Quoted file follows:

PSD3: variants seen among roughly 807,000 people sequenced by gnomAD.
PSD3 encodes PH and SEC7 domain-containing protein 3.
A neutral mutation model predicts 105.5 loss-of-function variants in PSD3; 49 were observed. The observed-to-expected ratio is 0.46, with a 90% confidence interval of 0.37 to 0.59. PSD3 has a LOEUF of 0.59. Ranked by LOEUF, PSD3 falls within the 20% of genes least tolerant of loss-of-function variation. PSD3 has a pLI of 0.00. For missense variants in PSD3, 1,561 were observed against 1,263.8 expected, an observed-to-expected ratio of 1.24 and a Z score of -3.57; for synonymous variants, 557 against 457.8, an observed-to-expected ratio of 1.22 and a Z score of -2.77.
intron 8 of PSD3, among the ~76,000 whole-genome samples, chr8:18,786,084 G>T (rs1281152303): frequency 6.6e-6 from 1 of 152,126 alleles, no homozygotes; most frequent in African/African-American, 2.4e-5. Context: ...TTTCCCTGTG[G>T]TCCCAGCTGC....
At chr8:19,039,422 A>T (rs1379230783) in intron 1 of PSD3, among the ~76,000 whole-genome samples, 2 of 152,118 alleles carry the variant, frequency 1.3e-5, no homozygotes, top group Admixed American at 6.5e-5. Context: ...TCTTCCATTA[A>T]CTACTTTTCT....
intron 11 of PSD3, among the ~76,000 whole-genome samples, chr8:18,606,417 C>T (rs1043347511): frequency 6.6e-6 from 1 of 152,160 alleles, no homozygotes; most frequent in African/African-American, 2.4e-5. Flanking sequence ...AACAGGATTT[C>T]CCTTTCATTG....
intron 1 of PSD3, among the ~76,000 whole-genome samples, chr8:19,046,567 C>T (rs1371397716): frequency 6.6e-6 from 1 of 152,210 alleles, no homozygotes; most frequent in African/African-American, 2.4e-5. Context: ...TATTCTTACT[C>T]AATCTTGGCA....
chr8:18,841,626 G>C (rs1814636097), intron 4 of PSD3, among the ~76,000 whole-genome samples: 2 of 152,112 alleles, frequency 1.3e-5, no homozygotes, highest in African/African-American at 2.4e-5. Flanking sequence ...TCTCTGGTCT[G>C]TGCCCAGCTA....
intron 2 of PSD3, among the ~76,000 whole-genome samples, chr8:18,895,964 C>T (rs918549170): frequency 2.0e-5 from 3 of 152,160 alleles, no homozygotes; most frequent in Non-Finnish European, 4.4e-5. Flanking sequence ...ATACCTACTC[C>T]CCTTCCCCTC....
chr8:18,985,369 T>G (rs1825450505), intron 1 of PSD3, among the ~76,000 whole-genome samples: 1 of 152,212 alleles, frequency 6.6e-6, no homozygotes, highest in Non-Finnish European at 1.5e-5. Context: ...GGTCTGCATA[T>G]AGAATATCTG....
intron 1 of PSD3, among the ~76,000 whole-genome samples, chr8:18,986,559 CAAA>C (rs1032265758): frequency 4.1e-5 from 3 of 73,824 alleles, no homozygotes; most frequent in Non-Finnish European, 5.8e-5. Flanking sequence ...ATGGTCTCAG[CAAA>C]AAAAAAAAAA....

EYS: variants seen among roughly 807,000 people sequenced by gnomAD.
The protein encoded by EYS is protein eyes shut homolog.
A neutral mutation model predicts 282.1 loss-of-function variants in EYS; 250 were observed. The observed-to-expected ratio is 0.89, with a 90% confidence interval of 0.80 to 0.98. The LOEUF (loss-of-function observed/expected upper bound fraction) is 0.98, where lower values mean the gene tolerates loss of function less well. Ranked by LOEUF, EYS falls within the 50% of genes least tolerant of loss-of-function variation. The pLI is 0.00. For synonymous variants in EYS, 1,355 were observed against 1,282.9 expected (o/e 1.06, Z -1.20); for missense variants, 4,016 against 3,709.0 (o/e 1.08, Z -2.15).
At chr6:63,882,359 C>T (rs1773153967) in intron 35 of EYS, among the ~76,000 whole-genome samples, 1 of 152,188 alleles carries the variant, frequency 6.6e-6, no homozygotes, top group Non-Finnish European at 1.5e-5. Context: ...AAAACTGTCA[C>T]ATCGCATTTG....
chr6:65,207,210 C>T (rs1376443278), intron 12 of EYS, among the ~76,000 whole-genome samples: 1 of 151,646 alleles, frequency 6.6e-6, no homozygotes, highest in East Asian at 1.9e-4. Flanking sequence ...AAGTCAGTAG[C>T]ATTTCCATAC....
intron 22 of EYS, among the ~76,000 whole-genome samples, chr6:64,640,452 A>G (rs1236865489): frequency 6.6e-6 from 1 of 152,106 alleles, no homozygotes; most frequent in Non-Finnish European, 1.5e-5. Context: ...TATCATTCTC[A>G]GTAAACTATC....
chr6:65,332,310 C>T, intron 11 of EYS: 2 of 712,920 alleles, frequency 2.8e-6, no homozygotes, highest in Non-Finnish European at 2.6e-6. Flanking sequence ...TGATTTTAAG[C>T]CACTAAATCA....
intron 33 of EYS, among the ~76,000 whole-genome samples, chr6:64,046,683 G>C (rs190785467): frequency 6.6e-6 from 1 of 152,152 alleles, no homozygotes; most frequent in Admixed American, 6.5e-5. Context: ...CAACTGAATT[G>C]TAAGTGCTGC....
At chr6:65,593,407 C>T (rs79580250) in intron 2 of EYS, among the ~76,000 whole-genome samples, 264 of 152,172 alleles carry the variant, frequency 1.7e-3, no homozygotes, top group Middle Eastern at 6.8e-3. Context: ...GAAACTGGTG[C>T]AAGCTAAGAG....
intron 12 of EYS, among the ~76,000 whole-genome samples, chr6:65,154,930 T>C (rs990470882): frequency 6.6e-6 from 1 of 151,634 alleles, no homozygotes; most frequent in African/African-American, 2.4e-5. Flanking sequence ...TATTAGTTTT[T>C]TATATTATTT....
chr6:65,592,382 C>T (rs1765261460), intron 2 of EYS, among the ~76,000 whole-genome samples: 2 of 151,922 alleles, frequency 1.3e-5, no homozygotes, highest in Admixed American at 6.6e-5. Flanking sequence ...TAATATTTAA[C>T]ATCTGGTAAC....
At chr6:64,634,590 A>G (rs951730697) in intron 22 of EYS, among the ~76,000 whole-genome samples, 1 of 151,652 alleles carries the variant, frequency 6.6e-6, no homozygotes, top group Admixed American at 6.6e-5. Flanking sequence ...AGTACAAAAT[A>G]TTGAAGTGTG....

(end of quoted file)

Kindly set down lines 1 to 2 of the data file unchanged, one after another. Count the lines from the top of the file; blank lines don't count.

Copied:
PSD3: variants seen among roughly 807,000 people sequenced by gnomAD.
PSD3 encodes PH and SEC7 domain-containing protein 3.